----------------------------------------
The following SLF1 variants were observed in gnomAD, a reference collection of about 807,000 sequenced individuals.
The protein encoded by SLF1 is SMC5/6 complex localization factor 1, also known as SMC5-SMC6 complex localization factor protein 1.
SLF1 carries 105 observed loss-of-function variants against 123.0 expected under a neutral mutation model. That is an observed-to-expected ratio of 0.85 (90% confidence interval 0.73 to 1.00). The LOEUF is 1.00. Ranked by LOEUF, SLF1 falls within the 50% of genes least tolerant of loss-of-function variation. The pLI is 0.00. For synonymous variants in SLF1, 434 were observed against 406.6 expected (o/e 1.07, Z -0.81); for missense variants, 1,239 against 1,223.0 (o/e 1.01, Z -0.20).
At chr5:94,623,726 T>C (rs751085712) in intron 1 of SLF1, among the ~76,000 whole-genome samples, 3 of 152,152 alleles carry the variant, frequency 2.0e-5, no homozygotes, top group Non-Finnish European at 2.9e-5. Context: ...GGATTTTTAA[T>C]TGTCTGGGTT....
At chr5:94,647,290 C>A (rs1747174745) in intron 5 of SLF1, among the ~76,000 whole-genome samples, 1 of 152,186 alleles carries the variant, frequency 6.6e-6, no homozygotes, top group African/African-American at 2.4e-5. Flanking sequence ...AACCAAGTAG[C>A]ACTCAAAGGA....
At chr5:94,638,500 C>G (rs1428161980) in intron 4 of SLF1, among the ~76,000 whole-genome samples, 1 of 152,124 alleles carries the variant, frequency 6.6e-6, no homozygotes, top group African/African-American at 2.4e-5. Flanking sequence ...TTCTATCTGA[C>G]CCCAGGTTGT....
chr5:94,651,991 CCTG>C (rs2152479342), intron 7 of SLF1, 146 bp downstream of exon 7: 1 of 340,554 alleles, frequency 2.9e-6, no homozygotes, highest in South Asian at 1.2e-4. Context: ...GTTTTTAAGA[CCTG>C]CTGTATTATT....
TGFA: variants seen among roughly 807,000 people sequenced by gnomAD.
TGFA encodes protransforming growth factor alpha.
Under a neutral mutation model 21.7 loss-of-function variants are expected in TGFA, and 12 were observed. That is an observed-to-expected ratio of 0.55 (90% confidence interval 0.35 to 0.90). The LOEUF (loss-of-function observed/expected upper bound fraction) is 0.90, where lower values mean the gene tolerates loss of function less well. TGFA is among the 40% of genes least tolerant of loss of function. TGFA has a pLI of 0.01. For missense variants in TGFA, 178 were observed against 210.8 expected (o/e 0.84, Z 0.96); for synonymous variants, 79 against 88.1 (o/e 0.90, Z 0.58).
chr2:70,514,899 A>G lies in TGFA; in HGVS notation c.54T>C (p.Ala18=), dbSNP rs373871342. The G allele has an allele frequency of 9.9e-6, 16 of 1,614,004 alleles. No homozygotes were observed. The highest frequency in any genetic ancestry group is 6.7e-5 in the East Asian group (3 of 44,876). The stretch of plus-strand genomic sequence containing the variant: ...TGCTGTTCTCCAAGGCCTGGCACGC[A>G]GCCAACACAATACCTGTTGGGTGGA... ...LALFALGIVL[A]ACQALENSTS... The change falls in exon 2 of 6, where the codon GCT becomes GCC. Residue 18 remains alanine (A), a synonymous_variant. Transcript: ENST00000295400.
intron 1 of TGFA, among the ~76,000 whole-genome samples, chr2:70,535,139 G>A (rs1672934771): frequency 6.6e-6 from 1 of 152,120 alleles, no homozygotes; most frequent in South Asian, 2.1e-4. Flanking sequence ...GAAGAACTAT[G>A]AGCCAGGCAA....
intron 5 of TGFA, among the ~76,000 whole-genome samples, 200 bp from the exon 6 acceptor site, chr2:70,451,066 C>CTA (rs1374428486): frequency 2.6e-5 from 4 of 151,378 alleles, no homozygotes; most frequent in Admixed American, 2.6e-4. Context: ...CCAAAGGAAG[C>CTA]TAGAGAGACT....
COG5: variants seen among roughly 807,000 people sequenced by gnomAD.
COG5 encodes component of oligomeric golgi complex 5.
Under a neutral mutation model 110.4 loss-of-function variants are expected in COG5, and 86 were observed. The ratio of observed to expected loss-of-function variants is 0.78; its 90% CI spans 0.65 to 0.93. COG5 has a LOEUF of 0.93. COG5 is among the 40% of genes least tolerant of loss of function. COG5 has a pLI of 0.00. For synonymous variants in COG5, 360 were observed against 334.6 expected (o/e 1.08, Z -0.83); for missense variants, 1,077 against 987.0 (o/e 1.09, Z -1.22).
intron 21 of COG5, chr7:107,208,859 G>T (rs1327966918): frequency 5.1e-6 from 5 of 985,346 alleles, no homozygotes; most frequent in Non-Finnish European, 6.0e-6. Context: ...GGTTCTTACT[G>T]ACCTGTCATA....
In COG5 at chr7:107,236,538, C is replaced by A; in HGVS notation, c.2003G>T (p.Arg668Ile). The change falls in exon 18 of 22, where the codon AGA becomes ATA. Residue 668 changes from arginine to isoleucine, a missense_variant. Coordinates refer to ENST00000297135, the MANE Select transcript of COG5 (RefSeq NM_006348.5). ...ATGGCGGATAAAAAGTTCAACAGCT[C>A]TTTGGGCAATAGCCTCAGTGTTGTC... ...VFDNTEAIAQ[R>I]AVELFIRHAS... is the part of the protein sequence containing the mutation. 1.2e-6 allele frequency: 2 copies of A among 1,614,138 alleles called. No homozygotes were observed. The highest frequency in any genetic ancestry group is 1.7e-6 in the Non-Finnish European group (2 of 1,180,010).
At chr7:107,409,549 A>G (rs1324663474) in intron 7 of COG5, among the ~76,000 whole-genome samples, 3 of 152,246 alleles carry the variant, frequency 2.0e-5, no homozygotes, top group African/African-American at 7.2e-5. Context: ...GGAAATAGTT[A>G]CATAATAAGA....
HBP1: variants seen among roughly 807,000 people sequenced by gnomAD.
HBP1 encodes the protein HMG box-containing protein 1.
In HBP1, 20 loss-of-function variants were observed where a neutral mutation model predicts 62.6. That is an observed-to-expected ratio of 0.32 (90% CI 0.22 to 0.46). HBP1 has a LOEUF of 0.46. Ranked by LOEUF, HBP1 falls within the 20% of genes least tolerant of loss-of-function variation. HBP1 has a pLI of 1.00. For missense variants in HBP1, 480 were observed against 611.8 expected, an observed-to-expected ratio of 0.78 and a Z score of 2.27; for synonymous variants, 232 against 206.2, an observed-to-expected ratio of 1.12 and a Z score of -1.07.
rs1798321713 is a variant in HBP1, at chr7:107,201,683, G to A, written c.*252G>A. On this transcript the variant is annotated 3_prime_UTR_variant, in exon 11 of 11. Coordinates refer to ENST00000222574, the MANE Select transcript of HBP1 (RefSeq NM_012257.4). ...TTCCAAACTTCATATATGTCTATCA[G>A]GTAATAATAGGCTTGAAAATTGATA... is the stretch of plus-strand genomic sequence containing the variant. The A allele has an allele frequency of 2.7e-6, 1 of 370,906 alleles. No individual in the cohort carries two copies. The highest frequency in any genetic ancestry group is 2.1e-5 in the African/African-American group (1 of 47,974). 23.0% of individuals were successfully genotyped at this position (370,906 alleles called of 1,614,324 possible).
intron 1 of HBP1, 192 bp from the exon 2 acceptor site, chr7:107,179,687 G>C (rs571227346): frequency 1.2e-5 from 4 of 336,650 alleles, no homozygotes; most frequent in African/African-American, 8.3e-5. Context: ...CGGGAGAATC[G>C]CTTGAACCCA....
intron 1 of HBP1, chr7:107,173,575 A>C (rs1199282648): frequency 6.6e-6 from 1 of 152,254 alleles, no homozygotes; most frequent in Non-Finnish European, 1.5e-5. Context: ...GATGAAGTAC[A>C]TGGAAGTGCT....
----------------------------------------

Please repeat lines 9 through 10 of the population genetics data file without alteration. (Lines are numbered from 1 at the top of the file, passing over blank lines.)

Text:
TGFA encodes protransforming growth factor alpha.
Under a neutral mutation model 21.7 loss-of-function variants are expected in TGFA, and 12 were observed. That is an observed-to-expected ratio of 0.55 (90% confidence interval 0.35 to 0.90). The LOEUF (loss-of-function observed/expected upper bound fraction) is 0.90, where lower values mean the gene tolerates loss of function less well. TGFA is among the 40% of genes least tolerant of loss of function. TGFA has a pLI of 0.01. For missense variants in TGFA, 178 were observed against 210.8 expected (o/e 0.84, Z 0.96); for synonymous variants, 79 against 88.1 (o/e 0.90, Z 0.58).